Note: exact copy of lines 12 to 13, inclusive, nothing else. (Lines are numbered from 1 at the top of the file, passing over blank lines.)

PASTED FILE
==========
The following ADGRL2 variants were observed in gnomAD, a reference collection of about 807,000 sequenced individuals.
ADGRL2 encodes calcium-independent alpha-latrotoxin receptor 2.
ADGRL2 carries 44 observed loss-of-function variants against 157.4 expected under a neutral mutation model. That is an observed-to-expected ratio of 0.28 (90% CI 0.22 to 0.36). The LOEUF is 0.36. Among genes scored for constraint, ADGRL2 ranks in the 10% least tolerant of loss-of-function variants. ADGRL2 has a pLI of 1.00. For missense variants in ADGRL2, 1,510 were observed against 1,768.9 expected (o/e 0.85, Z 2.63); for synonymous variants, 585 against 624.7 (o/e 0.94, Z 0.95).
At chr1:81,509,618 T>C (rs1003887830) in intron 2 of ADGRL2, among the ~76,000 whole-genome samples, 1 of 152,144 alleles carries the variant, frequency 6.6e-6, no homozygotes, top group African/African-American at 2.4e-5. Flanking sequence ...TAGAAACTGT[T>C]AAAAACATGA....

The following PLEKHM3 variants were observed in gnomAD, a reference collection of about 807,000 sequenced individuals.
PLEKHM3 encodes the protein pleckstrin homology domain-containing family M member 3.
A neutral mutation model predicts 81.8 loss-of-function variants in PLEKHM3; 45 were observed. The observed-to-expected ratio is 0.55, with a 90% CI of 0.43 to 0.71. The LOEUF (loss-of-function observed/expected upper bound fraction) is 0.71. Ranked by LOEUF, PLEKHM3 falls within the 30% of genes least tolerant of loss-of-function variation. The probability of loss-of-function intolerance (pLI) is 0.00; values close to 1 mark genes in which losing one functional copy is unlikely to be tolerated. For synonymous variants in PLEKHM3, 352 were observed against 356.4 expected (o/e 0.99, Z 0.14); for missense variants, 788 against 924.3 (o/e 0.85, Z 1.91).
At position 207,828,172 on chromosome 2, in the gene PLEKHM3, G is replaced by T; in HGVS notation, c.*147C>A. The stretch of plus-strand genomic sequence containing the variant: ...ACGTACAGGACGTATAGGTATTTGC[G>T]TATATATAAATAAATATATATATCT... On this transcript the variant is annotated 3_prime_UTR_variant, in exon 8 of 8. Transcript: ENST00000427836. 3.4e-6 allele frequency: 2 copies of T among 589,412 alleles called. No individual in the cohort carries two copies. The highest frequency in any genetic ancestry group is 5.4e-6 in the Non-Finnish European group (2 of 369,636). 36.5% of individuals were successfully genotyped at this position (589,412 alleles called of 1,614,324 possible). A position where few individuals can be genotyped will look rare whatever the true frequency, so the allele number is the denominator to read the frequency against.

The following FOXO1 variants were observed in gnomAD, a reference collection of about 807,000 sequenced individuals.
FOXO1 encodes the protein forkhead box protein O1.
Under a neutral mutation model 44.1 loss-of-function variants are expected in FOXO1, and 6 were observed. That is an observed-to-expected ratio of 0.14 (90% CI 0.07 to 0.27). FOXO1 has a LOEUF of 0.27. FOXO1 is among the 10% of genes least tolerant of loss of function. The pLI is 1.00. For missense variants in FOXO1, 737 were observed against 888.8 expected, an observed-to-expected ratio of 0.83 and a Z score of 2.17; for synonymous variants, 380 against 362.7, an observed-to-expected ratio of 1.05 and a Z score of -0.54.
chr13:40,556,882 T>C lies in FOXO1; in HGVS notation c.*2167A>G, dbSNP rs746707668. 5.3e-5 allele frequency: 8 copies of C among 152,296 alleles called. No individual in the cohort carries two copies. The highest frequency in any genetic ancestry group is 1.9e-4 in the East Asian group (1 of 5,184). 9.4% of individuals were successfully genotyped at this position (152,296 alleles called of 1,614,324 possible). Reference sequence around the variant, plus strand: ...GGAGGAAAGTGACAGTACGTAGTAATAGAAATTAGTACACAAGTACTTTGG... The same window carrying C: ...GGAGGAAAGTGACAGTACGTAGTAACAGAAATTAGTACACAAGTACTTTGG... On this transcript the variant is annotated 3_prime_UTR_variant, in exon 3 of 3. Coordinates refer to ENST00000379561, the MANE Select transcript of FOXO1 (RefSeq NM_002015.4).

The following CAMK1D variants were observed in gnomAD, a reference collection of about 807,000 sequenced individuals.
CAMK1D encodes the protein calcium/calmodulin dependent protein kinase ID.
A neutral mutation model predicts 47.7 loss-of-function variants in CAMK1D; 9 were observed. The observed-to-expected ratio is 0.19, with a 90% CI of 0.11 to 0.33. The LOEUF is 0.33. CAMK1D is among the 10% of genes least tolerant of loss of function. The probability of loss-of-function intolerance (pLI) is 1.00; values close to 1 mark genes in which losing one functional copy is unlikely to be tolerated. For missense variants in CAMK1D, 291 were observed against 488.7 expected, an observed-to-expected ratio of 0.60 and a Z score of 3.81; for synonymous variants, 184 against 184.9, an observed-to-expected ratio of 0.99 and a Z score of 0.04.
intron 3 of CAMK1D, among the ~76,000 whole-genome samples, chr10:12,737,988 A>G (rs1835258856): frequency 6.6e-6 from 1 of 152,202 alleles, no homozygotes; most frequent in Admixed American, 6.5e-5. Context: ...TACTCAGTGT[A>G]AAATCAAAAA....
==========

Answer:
chr13:40,556,882 T>C lies in FOXO1; in HGVS notation c.*2167A>G, dbSNP rs746707668. 5.3e-5 allele frequency: 8 copies of C among 152,296 alleles called. No individual in the cohort carries two copies. The highest frequency in any genetic ancestry group is 1.9e-4 in the East Asian group (1 of 5,184). 9.4% of individuals were successfully genotyped at this position (152,296 alleles called of 1,614,324 possible). Reference sequence around the variant, plus strand: ...GGAGGAAAGTGACAGTACGTAGTAATAGAAATTAGTACACAAGTACTTTGG... The same window carrying C: ...GGAGGAAAGTGACAGTACGTAGTAACAGAAATTAGTACACAAGTACTTTGG... On this transcript the variant is annotated 3_prime_UTR_variant, in exon 3 of 3. Coordinates refer to ENST00000379561, the MANE Select transcript of FOXO1 (RefSeq NM_002015.4).

The following CAMK1D variants were observed in gnomAD, a reference collection of about 807,000 sequenced individuals.